We were booked into basic economy for the next leg and the difference was palpable. Twice I went to use the toilet three rows in front of us and was forcefully told that I was to leave the area immediately as it was only for premium economy passengers. Both times the entire plane as far as I could see was fast asleep and there was certainly no pressing demand on facilities. I was sent instead toward the back of the plane to use the lower class facilities I had evidently paid for. 

It would seem to me that if you know someone is on board who is very ill and they are making a hasty dash for the bathroom that it would be better to aid them in that effort than to stop them and begin a conversation about how they should make their way in the dark, while profoundly nauseous, to the other end of the plane. Customer service? That's an optional extra it would seem. 

The head attendant twice approached me in the final hours to ask whether I really needed a wheelchair on arrival. Having by this stage been awake for two days, not eaten for five, barely coherent and in extreme pain - I said, 'yes please, I do still want the wheelchairs I have pre-booked'. His second visit back was to let me know that he felt that it was unnecessary as the distance were very short. When I asked how short, he believed it to be no more than a few minutes from the gate to exiting arrivals. I maintained that I would still like the wheelchair thank you as I am very unwell. This led to a new conversation about how my daughter surely doesn't need a wheelchair. At the gate, we walked past the attendant off the plane and waited patiently for our wheelchairs. There were about twenty lined up so no lack of chairs available. We waited and waited and eventually gave up. We were clearly not getting the chairs due to the opinion of the attendant that we didn't need one. The few minute walk took us just under half an hour to complete, including picking up our bags, getting through security - all the while carrying two heavy bags each and our pillows. It was the final straw.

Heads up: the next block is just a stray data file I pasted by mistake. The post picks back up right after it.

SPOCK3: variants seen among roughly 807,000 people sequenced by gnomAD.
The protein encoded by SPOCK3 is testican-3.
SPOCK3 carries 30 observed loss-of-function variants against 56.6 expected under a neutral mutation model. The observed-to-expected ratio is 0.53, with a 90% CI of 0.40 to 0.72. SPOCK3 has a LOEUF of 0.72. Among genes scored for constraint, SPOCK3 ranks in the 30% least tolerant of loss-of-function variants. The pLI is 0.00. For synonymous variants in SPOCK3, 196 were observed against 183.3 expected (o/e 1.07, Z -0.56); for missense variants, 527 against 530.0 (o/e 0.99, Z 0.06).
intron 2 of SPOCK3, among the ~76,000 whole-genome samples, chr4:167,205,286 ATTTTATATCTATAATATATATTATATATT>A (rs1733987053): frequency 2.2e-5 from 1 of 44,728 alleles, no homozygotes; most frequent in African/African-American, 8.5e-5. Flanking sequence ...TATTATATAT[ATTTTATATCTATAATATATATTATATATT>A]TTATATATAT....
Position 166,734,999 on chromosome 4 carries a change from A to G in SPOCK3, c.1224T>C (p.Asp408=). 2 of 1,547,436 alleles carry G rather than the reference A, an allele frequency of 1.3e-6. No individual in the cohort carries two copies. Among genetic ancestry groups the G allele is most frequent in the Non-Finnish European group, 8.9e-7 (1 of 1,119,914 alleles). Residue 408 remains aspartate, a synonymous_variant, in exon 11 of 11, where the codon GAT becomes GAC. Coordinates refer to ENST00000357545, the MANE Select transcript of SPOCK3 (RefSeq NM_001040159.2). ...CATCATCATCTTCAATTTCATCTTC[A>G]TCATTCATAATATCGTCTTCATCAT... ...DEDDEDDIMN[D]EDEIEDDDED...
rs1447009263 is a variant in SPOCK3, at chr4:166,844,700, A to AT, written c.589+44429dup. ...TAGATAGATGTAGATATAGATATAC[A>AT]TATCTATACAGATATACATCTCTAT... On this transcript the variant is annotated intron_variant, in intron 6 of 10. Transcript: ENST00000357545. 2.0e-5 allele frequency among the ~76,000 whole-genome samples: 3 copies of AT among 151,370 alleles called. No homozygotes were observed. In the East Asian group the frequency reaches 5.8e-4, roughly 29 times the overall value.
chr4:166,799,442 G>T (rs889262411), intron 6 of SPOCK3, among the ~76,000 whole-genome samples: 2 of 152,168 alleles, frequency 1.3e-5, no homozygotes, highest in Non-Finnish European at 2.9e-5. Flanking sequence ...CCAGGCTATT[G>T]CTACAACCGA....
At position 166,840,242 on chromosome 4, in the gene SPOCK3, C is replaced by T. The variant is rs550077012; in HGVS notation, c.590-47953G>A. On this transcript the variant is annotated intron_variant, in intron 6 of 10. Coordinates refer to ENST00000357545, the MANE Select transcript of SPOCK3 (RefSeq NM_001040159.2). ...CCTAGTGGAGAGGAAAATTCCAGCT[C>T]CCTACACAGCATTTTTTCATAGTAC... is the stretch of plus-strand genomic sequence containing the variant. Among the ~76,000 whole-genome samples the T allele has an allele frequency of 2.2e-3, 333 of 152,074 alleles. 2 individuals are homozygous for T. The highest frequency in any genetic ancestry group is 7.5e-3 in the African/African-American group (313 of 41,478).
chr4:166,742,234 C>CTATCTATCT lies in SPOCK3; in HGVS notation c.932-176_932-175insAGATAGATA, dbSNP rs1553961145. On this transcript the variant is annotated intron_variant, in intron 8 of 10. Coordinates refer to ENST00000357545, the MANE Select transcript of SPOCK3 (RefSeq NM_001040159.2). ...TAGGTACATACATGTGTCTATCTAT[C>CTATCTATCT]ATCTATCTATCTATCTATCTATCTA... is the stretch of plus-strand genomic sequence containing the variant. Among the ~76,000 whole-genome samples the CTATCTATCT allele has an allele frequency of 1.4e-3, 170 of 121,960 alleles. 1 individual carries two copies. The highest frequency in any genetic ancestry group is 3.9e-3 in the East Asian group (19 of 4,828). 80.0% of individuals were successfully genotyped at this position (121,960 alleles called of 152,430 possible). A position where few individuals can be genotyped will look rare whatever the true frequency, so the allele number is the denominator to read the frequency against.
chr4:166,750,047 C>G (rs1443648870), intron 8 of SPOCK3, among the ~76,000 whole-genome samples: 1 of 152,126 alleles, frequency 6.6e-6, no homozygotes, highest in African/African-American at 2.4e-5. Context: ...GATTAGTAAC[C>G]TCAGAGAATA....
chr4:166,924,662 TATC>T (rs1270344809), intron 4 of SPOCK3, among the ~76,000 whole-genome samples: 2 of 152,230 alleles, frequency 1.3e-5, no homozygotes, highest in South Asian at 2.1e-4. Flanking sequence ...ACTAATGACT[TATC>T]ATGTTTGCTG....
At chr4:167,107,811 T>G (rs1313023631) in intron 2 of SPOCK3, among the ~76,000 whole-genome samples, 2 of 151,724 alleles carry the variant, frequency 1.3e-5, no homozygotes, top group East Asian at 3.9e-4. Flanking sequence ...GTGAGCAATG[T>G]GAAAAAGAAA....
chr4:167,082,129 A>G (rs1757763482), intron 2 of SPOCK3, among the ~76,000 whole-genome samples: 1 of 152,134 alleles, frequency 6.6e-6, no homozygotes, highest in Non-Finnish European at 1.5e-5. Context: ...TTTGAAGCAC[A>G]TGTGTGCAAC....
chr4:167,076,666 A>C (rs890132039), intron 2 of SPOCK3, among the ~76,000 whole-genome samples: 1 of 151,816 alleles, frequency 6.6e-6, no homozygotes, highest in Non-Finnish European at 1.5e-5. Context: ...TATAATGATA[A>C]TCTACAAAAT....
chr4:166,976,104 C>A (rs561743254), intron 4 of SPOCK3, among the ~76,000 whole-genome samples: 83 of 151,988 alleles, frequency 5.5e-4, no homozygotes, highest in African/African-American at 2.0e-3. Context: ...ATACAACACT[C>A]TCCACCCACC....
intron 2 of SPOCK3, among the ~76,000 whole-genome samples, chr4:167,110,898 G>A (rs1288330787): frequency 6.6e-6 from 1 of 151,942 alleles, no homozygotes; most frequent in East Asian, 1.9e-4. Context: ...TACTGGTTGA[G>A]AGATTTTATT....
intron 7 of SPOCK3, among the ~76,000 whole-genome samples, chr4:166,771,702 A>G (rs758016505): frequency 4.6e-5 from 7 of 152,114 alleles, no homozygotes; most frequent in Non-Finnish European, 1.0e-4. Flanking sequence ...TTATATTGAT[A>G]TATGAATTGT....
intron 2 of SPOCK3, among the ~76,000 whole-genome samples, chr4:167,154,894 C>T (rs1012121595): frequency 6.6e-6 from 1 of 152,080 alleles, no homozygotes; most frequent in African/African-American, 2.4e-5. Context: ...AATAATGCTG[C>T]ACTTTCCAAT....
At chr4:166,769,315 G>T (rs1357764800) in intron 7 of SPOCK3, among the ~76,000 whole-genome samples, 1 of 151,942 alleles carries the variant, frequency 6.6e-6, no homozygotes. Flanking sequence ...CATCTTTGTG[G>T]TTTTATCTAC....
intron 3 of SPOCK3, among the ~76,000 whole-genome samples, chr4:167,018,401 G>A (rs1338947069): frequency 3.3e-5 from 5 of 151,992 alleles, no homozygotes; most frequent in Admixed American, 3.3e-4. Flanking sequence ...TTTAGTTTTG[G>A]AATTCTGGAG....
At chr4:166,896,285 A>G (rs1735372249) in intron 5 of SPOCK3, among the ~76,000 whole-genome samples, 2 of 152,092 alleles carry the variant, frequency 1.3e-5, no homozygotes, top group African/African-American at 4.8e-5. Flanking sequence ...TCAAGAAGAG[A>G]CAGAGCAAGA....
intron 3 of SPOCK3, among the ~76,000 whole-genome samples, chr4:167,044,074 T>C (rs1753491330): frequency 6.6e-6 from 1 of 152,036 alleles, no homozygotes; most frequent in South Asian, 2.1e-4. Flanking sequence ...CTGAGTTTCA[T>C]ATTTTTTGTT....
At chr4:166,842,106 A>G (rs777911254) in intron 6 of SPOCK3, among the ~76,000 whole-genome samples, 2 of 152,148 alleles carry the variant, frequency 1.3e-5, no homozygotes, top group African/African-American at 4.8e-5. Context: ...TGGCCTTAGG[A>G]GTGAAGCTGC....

Less than 48 hours later, I would spent ten straight hours in the bathroom with the most violent vomiting and diarrhoea that I have ever experienced, before calling an ambulance. The damage had well and truly been done. 

It is now nine weeks later:
  • It took four weeks to be able to walk 100 metres; 
  • Six weeks to build up to eating one meal a day (I'm no further yet);